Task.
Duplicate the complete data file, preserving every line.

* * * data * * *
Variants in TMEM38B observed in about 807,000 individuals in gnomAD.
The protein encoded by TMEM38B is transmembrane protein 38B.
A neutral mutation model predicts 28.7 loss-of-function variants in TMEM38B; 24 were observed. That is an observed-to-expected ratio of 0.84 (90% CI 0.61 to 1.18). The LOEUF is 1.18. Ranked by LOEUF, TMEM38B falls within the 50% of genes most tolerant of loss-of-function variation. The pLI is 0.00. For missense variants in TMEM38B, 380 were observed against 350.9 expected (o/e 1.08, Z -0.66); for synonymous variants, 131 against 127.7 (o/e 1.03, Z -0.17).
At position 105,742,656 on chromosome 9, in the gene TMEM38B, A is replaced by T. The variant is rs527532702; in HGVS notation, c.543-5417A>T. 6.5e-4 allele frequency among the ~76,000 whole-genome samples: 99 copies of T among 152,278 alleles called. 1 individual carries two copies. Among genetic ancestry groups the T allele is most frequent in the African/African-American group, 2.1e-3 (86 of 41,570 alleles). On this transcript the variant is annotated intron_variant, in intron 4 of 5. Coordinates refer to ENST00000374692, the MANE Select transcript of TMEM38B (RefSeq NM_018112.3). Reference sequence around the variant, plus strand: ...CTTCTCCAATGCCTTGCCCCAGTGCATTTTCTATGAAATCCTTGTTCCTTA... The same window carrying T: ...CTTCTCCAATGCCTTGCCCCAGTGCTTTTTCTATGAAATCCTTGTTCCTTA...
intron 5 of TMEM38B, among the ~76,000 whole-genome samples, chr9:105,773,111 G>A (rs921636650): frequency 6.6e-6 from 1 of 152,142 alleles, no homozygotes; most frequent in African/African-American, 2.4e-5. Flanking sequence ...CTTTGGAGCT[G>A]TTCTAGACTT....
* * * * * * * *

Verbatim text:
Variants in TMEM38B observed in about 807,000 individuals in gnomAD.
The protein encoded by TMEM38B is transmembrane protein 38B.
A neutral mutation model predicts 28.7 loss-of-function variants in TMEM38B; 24 were observed. That is an observed-to-expected ratio of 0.84 (90% CI 0.61 to 1.18). The LOEUF is 1.18. Ranked by LOEUF, TMEM38B falls within the 50% of genes most tolerant of loss-of-function variation. The pLI is 0.00. For missense variants in TMEM38B, 380 were observed against 350.9 expected (o/e 1.08, Z -0.66); for synonymous variants, 131 against 127.7 (o/e 1.03, Z -0.17).
At position 105,742,656 on chromosome 9, in the gene TMEM38B, A is replaced by T. The variant is rs527532702; in HGVS notation, c.543-5417A>T. 6.5e-4 allele frequency among the ~76,000 whole-genome samples: 99 copies of T among 152,278 alleles called. 1 individual carries two copies. Among genetic ancestry groups the T allele is most frequent in the African/African-American group, 2.1e-3 (86 of 41,570 alleles). On this transcript the variant is annotated intron_variant, in intron 4 of 5. Coordinates refer to ENST00000374692, the MANE Select transcript of TMEM38B (RefSeq NM_018112.3). Reference sequence around the variant, plus strand: ...CTTCTCCAATGCCTTGCCCCAGTGCATTTTCTATGAAATCCTTGTTCCTTA... The same window carrying T: ...CTTCTCCAATGCCTTGCCCCAGTGCTTTTTCTATGAAATCCTTGTTCCTTA...
intron 5 of TMEM38B, among the ~76,000 whole-genome samples, chr9:105,773,111 G>A (rs921636650): frequency 6.6e-6 from 1 of 152,142 alleles, no homozygotes; most frequent in African/African-American, 2.4e-5. Flanking sequence ...CTTTGGAGCT[G>A]TTCTAGACTT....